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930301

John F. Kennedy

JFK inscribes and signs a Philippe Halsman original portrait

John Fitzgerald Kennedy, 1917-1963.  35th President of the United States, 1961-1963.  Stunning 8” x 10”  Philippe Halsman silver gelatin portrait of Kennedy inscribed and signed To Patricia / Keating / with very best / wishes / John Kennedy. With original transmittal letter.

This beautiful photograph is valuable for its art as well as for its autographic significance.  It is a magnificent vintage original black-and-white portrait of a pensive Kennedy, perhaps with a slight smile, by famed New York photographer Philippe Halsman, whose imprint appears in the lower left corner. 

Kennedy sent this photograph to Keating on December 4, 1956, when he was a United States Senator from Massachusetts.  The original transmittal letter, secretarially signed for Kennedy, accompanies the photograph.

Halsman is noted for his bold images, including his portraits of Salvador Dali, the Duke and Duchess of Windsor, and even Richard Nixon jumping in the air.  From the 1940s through the 1970s, Halsmans portraits graced the covers and pages of magazines such as Life—for which he produced an astounding 101 cover photographs—Look, Esquire, and the Saturday Evening Post. He made many of the familiar portraits of Marilyn Monroe, and his photographs of the likes of Albert Einstein, Andy Warhol, Frank Sinatra, and others are classics.  In 1958, a Popular Photography poll named Halsman one of the Worlds Ten Greatest Photographers.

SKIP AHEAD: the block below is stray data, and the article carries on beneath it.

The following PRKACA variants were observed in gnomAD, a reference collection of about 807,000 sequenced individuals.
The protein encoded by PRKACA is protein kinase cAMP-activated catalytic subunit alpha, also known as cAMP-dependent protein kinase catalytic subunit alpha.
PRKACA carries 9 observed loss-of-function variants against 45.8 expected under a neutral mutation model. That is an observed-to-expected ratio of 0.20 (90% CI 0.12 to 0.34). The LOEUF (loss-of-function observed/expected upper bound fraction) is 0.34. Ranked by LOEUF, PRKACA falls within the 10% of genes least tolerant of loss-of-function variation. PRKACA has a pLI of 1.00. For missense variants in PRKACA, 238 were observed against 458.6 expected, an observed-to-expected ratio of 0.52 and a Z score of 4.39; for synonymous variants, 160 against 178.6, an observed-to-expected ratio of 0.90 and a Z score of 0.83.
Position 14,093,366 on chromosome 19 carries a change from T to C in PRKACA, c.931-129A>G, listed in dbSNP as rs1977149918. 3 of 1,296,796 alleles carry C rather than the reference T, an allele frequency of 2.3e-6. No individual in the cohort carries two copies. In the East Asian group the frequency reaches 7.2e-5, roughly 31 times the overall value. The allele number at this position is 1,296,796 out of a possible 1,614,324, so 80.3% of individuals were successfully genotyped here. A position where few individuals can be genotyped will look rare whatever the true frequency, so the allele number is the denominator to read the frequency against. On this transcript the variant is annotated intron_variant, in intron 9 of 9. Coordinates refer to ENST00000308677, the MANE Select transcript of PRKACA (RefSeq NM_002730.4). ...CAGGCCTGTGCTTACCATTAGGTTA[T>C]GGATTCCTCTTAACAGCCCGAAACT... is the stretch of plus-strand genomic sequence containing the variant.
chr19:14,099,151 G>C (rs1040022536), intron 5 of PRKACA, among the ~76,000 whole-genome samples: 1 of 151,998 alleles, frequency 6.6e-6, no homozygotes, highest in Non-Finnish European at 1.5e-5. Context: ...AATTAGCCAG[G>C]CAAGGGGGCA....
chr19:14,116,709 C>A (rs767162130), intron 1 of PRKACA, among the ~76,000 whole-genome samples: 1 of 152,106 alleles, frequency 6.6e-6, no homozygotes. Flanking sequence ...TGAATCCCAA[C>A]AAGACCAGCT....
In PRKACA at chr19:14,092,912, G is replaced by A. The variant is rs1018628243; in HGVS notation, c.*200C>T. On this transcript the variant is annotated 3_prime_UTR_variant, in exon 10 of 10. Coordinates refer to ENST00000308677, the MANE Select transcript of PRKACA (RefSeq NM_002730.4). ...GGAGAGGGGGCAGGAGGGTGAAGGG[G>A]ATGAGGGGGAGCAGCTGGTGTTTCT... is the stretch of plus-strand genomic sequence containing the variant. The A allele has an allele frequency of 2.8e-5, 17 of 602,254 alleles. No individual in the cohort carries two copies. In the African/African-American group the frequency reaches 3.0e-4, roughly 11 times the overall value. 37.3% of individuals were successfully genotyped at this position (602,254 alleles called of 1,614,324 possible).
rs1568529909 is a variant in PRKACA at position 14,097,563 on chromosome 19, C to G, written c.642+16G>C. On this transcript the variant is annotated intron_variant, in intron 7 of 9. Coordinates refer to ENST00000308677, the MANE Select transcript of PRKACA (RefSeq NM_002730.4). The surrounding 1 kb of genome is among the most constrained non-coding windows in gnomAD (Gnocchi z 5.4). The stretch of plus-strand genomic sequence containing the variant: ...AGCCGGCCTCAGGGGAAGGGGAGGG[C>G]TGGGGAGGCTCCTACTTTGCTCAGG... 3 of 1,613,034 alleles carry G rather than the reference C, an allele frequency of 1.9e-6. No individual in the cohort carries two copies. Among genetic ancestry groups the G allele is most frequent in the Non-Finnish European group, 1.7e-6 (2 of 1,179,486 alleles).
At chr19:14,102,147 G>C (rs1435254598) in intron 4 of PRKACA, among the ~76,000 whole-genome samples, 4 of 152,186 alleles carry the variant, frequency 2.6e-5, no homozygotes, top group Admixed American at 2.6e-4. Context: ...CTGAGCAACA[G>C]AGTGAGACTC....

Halsman’s photographs thus are collectible items in their own right.  His unsigned images have sold for substantial sums at auction.  Portraits of Dali, for example, brought as high as $18,000; Giorgio de Chirico and his wife, $14,350; Einstein, $8,000; Elizabeth Taylor, $5,676; Monroe, $2,500; and Audrey Hepburn, $2,165. A Halsman photograph of Vladimir Horowitz’s hands, shot for the Saturday Evening Post in 1966, sold for $5,625 at Christie’s in New York in 2008.

Added to this is the fact that Kennedy’s genuinely signed photographs are scarce, given his use of secretaries to sign for him in both the Senate and White House and his notorious use of the Autopen.  It is hard to think that Kennedy would have delegated to a secretary the signing of a Halsman portrait, and indeed he signed this one himself.  His handwriting even exhibits a degree of care and legibility that it rarely had.

Kennedy has boldly inscribed and signed this photo.  It has staple holes in the blank area at the upper left and minor dings.  Overall it is in fine condition.  It has been exquisitely double matted in Bordeaux and marine blue suede, with an inlaid champagne silver fillet and an engraved identification plate, and framed in a champagne and black wood frame.

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